Do we really have nothing to hide? GDPR is an eyeopener

Evelyn Wolf by Evelyn Wolf   13 Mar

 

GDPR Facebook

I consider myself pretty clued in when it comes to my personal data. Knowing where it was was stored and deciding on how to share it. I would have also been of the impression that I have nothing to hide (and what I do want to hide, I won’t put online). I changed my mind today thanks to the GDPR and a fun experiment.

A fun experiment

It started out as a fun experiment. The Guardian had asked me to confirm my opt-in status (go GDPR prep!) and I browsed around some articles while I was there. There was one where the journalist described downloading her data from Facebook. My limited attention span got me to the part of the article on how it’s done (Go to your settings and you’ll see a link, it takes 2 minutes and 2 password confirmations). Off I went and I have a feeling her experience is similar to mine!

So much fun, all my photos from the past 10+ years in a handy download. The file arrived and I realised that Facebook also stores every single Messenger app conversation. I was surprised because I simply didn’t realise they do that. But, it’s still fun and I promptly shared the cheesy first messages between my husband and I with him. There are pokes from 2012 and my entire timeline. It’s like a scrapbook of my online life.

That’s where the fun ended.

Something to hide

I dove deeper and found a folder named files. There is my CV from 2014 complete with my address, phone number and full work history. And I realised, I do have something to hide. Not because it’s a “bad” thing but because it’s dangerous and frankly none of Facebook’s business.

It came to me how it got there. I had shared the CV with a friend for her feedback and as we communicated using Messenger it got stored. I’m pretty sure that it’s even totally above board and in line with the privacy policy (if I had properly read it). The issue here is that I didn’t realise that the data was stored and am now aware how easy it would have been for anyone hacking my account to get some very personal data belonging to me.

Facebook gives you the option to delete Messenger conversations completely. And this is what I’ll have to do. I’m currently researching whether this means that the data is fully forgotten or whether it’s still stored somewhere in the background. I haven’t found an option to just forget attachments (anyone have any tips?).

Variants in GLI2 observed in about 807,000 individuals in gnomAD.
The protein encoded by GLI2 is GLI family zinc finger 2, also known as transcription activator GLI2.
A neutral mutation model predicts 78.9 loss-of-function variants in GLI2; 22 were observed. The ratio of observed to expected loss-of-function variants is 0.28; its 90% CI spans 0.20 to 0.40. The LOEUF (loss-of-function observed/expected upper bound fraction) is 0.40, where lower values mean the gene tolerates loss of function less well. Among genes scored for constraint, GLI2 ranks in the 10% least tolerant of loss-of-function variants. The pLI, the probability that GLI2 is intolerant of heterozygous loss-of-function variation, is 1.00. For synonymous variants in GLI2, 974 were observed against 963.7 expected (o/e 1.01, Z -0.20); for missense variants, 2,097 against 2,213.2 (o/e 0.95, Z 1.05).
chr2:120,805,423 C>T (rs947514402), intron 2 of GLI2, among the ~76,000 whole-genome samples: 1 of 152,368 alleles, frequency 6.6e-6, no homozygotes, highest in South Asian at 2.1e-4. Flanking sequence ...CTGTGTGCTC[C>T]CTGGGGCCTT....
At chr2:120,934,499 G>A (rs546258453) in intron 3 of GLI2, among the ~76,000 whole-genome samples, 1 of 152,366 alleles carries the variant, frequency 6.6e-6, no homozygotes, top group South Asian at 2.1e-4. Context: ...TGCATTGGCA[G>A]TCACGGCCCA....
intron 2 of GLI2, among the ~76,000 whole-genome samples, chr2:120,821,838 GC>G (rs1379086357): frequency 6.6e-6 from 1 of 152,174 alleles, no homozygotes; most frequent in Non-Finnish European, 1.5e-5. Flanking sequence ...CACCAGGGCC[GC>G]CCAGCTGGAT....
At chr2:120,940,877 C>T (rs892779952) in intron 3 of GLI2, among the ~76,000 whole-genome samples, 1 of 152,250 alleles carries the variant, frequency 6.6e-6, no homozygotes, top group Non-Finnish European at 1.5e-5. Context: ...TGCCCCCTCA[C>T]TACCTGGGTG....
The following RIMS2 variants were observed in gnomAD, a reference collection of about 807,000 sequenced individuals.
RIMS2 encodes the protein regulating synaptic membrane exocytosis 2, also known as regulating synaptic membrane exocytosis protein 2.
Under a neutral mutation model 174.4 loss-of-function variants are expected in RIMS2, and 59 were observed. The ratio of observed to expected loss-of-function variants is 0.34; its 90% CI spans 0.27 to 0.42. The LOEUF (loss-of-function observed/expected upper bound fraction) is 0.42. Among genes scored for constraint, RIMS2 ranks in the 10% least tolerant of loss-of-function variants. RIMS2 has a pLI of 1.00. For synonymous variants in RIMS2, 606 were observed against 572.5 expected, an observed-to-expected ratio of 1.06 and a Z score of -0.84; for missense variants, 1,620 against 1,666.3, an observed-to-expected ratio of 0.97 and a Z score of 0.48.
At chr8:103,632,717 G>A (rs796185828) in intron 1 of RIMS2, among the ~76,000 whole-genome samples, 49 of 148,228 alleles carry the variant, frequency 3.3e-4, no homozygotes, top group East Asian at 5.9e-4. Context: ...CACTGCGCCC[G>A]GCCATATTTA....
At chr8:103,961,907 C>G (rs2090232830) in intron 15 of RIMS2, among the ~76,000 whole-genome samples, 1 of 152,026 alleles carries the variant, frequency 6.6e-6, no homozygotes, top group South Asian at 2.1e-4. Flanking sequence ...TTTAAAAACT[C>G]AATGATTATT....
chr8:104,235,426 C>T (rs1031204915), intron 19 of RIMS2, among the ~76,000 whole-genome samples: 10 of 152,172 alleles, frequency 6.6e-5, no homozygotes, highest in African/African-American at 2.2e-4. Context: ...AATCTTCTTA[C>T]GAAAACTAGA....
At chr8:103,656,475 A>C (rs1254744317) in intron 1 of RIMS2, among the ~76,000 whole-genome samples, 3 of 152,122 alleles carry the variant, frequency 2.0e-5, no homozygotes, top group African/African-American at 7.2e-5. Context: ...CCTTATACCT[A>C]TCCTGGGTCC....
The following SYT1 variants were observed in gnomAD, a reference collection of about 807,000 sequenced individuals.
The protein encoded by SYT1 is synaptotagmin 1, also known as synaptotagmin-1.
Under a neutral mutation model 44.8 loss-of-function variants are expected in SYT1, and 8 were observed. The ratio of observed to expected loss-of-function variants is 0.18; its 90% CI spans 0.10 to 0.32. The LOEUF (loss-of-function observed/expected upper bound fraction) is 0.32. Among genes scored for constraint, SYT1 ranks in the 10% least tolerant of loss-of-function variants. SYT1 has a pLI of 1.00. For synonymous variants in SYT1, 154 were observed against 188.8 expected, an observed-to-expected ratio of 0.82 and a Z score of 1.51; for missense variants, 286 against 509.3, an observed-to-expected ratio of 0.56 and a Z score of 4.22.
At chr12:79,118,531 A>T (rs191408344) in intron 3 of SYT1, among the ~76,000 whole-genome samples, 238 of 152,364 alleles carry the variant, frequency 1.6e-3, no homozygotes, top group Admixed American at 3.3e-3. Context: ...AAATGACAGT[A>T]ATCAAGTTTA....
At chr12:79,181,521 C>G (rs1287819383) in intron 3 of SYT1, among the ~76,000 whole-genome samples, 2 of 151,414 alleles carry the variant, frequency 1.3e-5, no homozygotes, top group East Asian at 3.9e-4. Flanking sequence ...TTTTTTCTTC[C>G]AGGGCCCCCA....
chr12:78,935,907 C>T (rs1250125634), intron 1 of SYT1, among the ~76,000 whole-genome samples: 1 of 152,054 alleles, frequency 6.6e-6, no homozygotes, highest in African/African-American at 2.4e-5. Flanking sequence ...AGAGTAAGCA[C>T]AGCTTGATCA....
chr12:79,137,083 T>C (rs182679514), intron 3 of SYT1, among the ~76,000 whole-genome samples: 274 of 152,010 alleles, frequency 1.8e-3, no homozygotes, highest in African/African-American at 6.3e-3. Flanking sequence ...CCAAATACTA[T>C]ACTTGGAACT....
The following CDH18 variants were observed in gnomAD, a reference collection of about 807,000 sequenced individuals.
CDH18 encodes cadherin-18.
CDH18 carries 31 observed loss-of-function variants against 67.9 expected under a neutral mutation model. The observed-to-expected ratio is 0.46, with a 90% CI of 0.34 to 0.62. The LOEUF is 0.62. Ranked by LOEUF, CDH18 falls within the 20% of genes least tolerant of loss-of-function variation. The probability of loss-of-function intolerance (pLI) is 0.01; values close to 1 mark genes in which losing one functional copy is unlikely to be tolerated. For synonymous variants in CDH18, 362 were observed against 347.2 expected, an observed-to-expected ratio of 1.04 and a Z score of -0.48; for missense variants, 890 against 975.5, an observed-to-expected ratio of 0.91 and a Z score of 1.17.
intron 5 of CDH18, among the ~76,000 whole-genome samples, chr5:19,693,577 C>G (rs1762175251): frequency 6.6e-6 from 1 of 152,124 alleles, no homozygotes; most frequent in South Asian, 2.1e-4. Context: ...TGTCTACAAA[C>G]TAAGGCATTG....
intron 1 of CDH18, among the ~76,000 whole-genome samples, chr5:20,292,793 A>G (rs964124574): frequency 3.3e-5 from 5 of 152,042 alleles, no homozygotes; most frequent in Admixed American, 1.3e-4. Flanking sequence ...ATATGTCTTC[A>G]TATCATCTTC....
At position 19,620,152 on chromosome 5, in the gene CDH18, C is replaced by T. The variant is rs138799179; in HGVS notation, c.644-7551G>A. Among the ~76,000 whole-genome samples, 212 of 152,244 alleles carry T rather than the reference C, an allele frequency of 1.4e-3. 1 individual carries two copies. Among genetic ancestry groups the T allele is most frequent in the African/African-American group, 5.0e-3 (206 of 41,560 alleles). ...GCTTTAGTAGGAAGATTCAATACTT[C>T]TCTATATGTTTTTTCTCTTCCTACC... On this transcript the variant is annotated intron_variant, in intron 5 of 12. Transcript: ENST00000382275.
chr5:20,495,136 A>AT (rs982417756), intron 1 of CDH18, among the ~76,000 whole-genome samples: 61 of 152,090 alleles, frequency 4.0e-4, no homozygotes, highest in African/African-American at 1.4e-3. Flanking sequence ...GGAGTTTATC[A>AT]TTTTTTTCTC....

GDPR eyeopener

Without my newfound data privacy obsession I probably would have never done this exercise. I always considered myself secure in what data I share about myself online. It makes you think about the lists shared by email (albeit locked, but still), the screen shares and other sensitive data we share electronically every day to run a business.

GDPR is being advertised to the public in Ireland, Denmark, the Netherlands and other EU countries to make the public aware. There isn’t a single business conference that doesn’t have at least one GDPR talk. More and more people will ask about their data and become more aware of what they have to hide.

To me, the legislation is about handling our data subject’s information with respect. Today, I realised that I need to be more mindful myself. Some things we have already adopted at BusinessBrew and will do more of:

  1. We stopped downloading data unless absolutely necessary.

  2. We increased our cloud sharing security with additional passwords and restrictions.

  3. We have ensured that we can remotely log out of every tool we use.

  4. We do not send emails with data attachments unless secured (email lists are not being emailed, instead we are using cloud sharing).

  5. We have cleaned up all past downloads and any files on our hard drives.

  6. We are in touch with all data processing tools we use to ensure that they will be secure by May 25th.

  7. We have updated our privacy policy to include how to be forgotten and how to access any data that BusinessBrew might hold about you.

These are just the first steps and we will continue to evaluate our own privacy so that no BusinessBrew client or prospect is ever surprised about the level of data we hold. A good first step for you to do as a business is get to work on your privacy policy. Do you communicate clearly in wording your audience can fully understand what data you hold, for how long, why and how they can be forgotten?

 

GDPR privacy notice checklist

Topics: GDPR

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Evelyn Wolf

Written by Evelyn Wolf

Inbound strategy specialist and content creator. She will turn your web presence into a magnet and always has wind in her sails.

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